Quote
If I want to use this table in my work, can I, for example, write "Noun", "Adjective", etc. instead of "N", "A", as in:
Yes. This is not a direct quotation, so you can do what you want, as long as you attribute it to the original author (cite it, usually with a page number unless your style skips all page numbers) and you do not change the meaning of the content significantly. Your particular example is just fine, a very normal way of doing that. You can also switch the columns and rows, etc., if that would help, as long as it doesn't change the meaning. And if you DO want to change the meaning, you can even do that too-- just say "based on X (YYYY:pp)" or "expanded from...." etc.
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Offline Natalia

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Re: Changing words in a quotation
« Reply #25 on: December 20, 2016, 01:32:00 AM »
Thank you! That is what I was looking for.

While on the topic, please tell me: Is it optional to insert a year by an author if you mention them a second time?  For example:

"According to Marchand (1960: 15), these are adjectival compounds with present or past participle as the final constituent, which generally carry two stresses, e.g. easy-going, high-born, man-made. Based on these cases, Marchand (1960) identifies..."

Actually, I always write "Author (YEAR)", but in some books the year is often omitted.

Online Daniel

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Re: Changing words in a quotation
« Reply #26 on: December 20, 2016, 04:29:25 AM »
I usually include the year also, but it is ok to omit it if:
1. It is in the same paragraph, or at least the same section; and
2. There is no possible ambiguity (no other papers by the author that you are citing from different years); and
3. You are referring to the work generally rather than a specific page (or the same pages you already mentioned).

These factors interact: so if it's in the same sentence or paragraph and somewhere else in the paper you cite another work by the same author, then it's probably still clear. If the ideas are so general that they really describe the author rather than a particular work/year, then you might even refer to them by name ("such as in Chomsky's theories") without even including a year, maybe in a later chapter of your dissertation/book, if you introduced some references earlier. The distinction is based on how specific you need to be, and how confusing it might be to the author. If in doubt, keep the year. If it seems silly, or if you're repeating it a lot for the same work (three paragraphs citing the same paper eight times?), you can start omitting it some.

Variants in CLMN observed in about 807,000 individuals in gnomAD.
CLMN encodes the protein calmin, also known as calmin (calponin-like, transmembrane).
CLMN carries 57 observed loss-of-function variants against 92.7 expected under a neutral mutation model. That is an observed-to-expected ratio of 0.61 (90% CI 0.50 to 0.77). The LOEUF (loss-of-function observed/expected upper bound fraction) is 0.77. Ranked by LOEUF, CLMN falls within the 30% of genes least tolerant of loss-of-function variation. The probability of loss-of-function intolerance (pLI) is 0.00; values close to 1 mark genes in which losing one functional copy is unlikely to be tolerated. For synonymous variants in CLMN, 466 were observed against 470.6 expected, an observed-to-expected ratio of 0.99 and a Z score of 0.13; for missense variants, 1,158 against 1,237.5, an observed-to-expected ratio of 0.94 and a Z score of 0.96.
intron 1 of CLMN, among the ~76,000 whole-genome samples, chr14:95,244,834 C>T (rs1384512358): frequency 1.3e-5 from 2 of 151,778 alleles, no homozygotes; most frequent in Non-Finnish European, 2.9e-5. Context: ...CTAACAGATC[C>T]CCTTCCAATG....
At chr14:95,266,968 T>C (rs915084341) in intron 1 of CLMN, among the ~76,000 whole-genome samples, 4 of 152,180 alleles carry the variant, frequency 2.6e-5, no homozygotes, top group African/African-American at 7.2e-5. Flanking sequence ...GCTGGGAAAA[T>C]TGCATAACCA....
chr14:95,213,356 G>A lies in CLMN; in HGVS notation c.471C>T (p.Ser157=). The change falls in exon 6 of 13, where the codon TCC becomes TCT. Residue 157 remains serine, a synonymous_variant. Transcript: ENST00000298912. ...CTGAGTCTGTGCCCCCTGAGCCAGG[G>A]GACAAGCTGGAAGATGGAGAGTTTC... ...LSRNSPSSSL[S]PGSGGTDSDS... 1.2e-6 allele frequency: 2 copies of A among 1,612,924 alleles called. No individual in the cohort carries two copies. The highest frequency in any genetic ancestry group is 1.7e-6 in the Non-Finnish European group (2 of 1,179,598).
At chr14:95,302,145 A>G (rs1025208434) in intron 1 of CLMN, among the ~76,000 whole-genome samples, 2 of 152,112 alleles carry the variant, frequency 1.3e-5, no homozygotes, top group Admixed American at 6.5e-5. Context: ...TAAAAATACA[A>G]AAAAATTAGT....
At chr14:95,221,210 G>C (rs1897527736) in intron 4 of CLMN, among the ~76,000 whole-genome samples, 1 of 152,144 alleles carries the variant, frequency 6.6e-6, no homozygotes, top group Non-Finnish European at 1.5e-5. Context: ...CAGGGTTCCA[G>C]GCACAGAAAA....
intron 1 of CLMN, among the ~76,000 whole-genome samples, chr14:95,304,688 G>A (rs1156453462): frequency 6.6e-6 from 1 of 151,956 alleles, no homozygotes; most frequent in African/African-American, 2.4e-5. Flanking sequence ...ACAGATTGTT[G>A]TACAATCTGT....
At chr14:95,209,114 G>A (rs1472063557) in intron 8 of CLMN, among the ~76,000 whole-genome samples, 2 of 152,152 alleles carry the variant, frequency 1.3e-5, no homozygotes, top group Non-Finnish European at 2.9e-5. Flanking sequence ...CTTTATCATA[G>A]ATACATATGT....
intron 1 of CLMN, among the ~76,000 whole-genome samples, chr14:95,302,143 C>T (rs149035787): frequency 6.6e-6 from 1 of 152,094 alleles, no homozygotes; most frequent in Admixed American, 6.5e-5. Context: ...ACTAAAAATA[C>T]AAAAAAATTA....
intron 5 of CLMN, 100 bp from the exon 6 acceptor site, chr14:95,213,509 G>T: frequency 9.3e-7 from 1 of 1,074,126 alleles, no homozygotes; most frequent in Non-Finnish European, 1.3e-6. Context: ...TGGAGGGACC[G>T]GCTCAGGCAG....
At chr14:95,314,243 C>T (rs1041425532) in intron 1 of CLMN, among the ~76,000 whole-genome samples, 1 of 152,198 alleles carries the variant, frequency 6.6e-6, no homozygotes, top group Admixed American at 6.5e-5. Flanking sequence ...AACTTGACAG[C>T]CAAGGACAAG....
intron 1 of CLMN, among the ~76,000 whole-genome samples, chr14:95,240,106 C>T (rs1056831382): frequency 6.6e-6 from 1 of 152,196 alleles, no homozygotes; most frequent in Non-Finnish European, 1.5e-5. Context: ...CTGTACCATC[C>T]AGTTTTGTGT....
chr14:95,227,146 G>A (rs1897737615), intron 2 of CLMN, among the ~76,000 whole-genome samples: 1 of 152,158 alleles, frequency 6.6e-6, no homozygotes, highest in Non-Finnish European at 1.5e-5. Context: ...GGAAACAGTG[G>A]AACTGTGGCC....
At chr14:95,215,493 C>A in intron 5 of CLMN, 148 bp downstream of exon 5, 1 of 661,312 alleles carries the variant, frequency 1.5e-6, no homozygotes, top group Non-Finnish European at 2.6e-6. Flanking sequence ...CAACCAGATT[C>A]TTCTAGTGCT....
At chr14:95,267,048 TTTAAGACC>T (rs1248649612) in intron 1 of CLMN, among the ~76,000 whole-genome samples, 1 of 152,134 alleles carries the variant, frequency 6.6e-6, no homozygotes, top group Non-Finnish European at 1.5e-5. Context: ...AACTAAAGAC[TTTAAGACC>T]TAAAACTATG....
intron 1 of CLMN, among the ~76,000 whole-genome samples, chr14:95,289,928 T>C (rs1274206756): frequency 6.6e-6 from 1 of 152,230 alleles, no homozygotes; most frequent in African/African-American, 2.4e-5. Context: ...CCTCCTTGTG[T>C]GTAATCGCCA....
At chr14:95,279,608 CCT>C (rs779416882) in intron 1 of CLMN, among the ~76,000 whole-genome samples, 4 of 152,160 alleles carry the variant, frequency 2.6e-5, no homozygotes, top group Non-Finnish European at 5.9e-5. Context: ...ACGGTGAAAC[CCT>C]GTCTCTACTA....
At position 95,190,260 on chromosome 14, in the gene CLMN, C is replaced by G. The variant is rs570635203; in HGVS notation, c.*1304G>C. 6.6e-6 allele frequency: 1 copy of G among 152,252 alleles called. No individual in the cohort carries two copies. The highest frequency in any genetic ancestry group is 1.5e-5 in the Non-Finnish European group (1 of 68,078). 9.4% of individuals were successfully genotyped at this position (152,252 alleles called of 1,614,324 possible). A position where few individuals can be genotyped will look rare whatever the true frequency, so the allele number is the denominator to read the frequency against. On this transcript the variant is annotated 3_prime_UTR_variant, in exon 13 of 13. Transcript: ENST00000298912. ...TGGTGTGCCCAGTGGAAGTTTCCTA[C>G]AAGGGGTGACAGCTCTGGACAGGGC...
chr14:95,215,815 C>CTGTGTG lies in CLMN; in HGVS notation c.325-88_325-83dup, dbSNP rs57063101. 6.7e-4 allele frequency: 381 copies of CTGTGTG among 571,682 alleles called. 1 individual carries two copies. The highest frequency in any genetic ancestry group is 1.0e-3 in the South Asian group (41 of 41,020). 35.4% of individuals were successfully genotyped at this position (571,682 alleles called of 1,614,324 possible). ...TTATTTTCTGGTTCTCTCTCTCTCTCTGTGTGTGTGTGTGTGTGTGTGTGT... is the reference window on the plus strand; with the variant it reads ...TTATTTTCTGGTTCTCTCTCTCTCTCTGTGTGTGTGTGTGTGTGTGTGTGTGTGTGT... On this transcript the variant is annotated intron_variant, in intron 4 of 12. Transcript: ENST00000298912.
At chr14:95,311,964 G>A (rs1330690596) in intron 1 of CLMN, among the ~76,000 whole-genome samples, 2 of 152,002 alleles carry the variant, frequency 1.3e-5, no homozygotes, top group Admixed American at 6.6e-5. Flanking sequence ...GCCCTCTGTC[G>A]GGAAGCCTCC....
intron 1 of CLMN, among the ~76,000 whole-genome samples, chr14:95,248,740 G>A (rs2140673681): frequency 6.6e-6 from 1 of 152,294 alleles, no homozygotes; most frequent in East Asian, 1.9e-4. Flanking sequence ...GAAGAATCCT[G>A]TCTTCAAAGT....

Note that different citation styles have different rules about how you would cite, for example, new pages in the same work-- sometimes like (p.X) and other times repeating the author, etc. But all that really matters is clarity.
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Offline Natalia

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Re: Changing words in a quotation
« Reply #27 on: December 20, 2016, 05:19:41 AM »
Thank you for your clarification.

I also noted that authors use the term 'ibid.' as a reference for a source that has already been cited. For example,
The first sentence: "Bauer (1983) states that..."
The third sentence: "Some examples include x, y, z (ibid.: 56)"

Sometimes, authors do not mention a linguists's name in the brackets if there is no ambiquity as for the source. For example,
The first sentence: "Bauer (1983) states that..."
The third sentence: "Some examples include x, y, z (1983: 56)"

« Last Edit: December 20, 2016, 05:22:37 AM by Natalia »

Online Daniel

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Re: Changing words in a quotation
« Reply #28 on: December 20, 2016, 06:23:58 AM »
Yes, those are all options. "ibid." [=ibidem 'in the same place'] is the same as various other Latin abbreviations used in citations like cf., inter alia (i.a.), pace, passim, so use it if you're also using those (or if a style requires it). Aside from etc. (which oddly enough can sometimes be too informal for an academic paper), these are relatively formal and don't fit well with a more casually written (but still academic) paper. They're mostly used in older writing or by more formal (or older) writers, and in subject matter (like Latin linguistics, or historical linguistics, etc.) where readers might be more familiar with Latin and/or older formal abbreviations like this. So you'll see the more in some journals than others. There's no reason not to use them. I personally use "cf." and "inter alia" sometimes, but the others rarely if at all.
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Offline Natalia

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Re: Changing words in a quotation
« Reply #29 on: December 21, 2016, 01:25:21 PM »
Thank you for your comment. I will remember that.